Robin Lawton Publications
My passion is to bring thought-leading ideas to leaders like you,
helping you rapidly achieve the highest levels of performance you can envision for your organization.
Articles, Interviews, Successes & Methodology Reviews
We’ve all heard the admonition to make lemonade when life throws us lemons. Turning adversity into opportunity has great personal appeal.
Acting on that idea in a systematic way when we are an organizational leader requires more than just good attitude. The first step starts with recognition of a pervasive problem that is so common it can seem invisible or trivial.
While it is true that poor service can end up as a YouTube clip that is treated as a one-off PR crisis, your everyday restaurant experience offers an example of pervasive opportunity, revealing another set of insights. Once you are seated and have a menu, the server will typically ask what you and your guests would like to drink. My preference is fresh lemonade, so I ask for that. Well over half the time, the server will tell me some version of, “We don’t have fresh lemonade.” So I calmly ask, “What part of the lemonade don’t we have?” At this point, the usual server looks momentarily like deer in the headlights. He or she was expecting me to simply make another, if less desirable, drink choice. Instead, the poor server is on the receiving end of a quiz and is unprepared to answer.
Read entire article on NEWSMAX
Good communication is a key to success in any endeavor.
Yet in the business world there’s often the sort of “failure to communicate” referenced in the movie Cool Hand Luke. That failure in the movie resulted in the premature demise of the hero. In real life when leaders are unclear about their expectations, employees often muddle through blindly, work at cross-purposes or pursue unintended, unproductive directions. The result is poor organizational performance, if not an early obituary for the leader and his or her vision.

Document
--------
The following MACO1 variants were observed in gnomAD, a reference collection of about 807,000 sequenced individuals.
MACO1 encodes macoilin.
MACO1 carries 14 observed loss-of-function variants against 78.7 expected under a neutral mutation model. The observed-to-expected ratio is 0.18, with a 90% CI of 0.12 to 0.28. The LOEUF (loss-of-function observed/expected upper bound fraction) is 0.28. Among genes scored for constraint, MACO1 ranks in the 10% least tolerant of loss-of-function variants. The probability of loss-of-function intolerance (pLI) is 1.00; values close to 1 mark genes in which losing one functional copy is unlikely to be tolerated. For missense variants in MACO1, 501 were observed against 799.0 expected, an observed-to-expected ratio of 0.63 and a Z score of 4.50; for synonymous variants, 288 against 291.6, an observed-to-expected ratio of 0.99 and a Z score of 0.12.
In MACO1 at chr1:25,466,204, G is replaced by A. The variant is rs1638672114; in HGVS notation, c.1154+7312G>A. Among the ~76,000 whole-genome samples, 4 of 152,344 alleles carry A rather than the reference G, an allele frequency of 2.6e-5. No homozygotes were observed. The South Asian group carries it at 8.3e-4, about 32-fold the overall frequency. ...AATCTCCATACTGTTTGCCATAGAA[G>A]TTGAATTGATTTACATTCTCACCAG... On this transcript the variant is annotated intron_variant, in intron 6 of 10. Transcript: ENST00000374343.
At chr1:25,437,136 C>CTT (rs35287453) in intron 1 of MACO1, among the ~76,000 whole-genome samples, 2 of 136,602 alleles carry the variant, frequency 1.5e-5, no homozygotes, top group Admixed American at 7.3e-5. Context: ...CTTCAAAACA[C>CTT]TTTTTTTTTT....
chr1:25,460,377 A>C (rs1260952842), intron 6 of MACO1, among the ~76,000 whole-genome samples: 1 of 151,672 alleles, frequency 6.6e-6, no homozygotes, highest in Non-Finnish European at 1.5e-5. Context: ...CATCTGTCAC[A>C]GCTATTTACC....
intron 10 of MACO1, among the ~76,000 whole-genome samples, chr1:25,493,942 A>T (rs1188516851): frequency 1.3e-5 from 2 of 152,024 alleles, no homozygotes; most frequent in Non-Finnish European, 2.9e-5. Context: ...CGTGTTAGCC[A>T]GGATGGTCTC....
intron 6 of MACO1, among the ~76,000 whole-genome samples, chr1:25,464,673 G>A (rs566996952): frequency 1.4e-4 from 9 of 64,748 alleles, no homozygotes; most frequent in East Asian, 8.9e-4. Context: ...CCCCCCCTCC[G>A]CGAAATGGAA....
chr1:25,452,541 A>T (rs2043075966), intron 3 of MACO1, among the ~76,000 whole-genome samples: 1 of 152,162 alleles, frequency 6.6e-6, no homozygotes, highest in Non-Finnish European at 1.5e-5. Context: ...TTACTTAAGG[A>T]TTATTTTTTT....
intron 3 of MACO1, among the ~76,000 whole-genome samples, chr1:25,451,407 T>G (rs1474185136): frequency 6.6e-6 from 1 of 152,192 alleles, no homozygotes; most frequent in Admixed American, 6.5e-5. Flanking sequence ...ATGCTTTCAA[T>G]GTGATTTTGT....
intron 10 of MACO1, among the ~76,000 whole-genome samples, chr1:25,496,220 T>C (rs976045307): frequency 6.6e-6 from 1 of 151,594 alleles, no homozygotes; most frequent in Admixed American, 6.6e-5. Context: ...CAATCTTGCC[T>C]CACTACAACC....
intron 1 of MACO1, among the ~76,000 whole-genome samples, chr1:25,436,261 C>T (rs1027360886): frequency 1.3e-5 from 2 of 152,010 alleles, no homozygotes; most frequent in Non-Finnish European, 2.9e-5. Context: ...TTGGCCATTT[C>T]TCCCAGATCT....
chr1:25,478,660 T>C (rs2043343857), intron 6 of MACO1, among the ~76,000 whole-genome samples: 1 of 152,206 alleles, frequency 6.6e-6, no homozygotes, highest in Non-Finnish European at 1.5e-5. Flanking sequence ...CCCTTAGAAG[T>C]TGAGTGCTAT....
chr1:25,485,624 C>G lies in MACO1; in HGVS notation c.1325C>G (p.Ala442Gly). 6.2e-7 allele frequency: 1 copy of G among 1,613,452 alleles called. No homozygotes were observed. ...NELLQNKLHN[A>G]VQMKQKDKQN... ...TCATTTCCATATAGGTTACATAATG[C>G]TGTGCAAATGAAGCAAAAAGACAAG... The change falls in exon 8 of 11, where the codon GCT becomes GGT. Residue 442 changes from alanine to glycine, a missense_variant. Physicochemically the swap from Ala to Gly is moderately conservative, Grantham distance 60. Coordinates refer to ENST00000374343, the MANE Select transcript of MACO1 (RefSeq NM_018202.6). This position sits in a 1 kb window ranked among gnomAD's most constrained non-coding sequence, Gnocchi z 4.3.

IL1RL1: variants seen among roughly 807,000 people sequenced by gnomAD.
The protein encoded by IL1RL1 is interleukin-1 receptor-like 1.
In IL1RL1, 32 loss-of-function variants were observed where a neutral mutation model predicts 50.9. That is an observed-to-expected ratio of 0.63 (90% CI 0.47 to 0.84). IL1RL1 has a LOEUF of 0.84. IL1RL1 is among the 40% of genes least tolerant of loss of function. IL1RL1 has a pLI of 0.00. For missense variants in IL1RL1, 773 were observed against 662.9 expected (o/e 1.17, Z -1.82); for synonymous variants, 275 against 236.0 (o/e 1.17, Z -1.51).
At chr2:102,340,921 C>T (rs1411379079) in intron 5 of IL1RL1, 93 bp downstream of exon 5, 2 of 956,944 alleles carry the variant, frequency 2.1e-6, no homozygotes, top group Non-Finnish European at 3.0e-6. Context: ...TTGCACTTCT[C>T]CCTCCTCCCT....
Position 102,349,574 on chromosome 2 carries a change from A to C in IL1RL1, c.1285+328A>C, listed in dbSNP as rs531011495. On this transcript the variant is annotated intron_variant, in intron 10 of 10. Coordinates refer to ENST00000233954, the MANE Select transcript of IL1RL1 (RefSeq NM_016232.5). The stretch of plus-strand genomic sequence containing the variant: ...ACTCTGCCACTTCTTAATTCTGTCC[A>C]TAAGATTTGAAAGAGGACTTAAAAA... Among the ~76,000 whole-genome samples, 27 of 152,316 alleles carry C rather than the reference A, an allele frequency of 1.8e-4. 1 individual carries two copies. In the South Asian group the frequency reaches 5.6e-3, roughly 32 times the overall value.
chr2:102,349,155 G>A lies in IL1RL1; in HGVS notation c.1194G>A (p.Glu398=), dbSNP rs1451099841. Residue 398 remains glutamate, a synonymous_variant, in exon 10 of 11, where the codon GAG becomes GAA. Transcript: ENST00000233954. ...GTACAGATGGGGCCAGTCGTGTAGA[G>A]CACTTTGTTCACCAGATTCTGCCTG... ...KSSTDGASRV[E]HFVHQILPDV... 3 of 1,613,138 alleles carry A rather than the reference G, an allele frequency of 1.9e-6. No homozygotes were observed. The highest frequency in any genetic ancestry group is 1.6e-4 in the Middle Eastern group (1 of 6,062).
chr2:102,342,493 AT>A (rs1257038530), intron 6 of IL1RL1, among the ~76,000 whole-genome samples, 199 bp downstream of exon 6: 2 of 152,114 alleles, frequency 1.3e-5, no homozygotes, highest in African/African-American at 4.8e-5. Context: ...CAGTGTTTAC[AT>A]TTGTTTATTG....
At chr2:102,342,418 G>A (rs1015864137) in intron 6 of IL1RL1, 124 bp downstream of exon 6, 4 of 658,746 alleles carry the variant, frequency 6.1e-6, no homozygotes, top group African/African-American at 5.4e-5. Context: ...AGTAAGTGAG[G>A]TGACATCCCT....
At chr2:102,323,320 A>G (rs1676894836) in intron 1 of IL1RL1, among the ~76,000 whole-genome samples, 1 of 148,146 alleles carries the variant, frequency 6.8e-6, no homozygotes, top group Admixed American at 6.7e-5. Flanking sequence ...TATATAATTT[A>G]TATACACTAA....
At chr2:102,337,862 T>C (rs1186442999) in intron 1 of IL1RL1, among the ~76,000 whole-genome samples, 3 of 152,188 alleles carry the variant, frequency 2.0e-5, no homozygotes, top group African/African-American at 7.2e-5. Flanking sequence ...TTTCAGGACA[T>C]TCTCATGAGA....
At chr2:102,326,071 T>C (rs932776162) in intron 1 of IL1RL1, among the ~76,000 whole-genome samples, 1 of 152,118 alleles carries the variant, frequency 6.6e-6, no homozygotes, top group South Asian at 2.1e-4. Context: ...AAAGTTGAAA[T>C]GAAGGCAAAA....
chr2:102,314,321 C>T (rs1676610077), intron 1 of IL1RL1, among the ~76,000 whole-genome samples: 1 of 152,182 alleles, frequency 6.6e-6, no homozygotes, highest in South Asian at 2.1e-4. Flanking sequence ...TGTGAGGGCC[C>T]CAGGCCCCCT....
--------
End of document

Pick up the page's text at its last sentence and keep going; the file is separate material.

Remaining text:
Ambiguity is pervasive in every organization but is rarely recognized and poorly remedied, keeping organizations from achieving success. For example, most business leaders will say their top priorities include service and customer satisfaction. Yet seeking improvement in those areas without being clear on what you mean by them is a fool’s errand.
To make the journey from ambiguity to clarity read the entire article on Young Upstarts, Voice of a New Generation
How do you build a stellar reputation and create the best possible defense against a customer-experienced disaster? The solution is to create a customer-centered culture. Although this is one of the most complex and difficult tasks a leader has, there is a straightforward approach that gets eye-popping results fast.
Leaders eliminate ambiguity. Many leaders say customer satisfaction is among their firm’s highest priorities, but have no written customer satisfaction policy. They’ve got policies for hiring, money management, supplier selection and myriad other issues. With no policy for customer satisfaction, how important can it really be? Close that ambiguity gap now!
Don’t tell me what you value, show me what you measure. The hospitality industry offers a simple example of measurement ambiguity. The most important priority for business customers is a good night’s sleep. Good luck finding sleep questions on the customer survey. There are eight dimensions of enterprise excellence, but only four are generally defined and measured. Four more gaps to close. For more information, see 8 Dimensions of Excellence.
Read entire article on the NY Daily News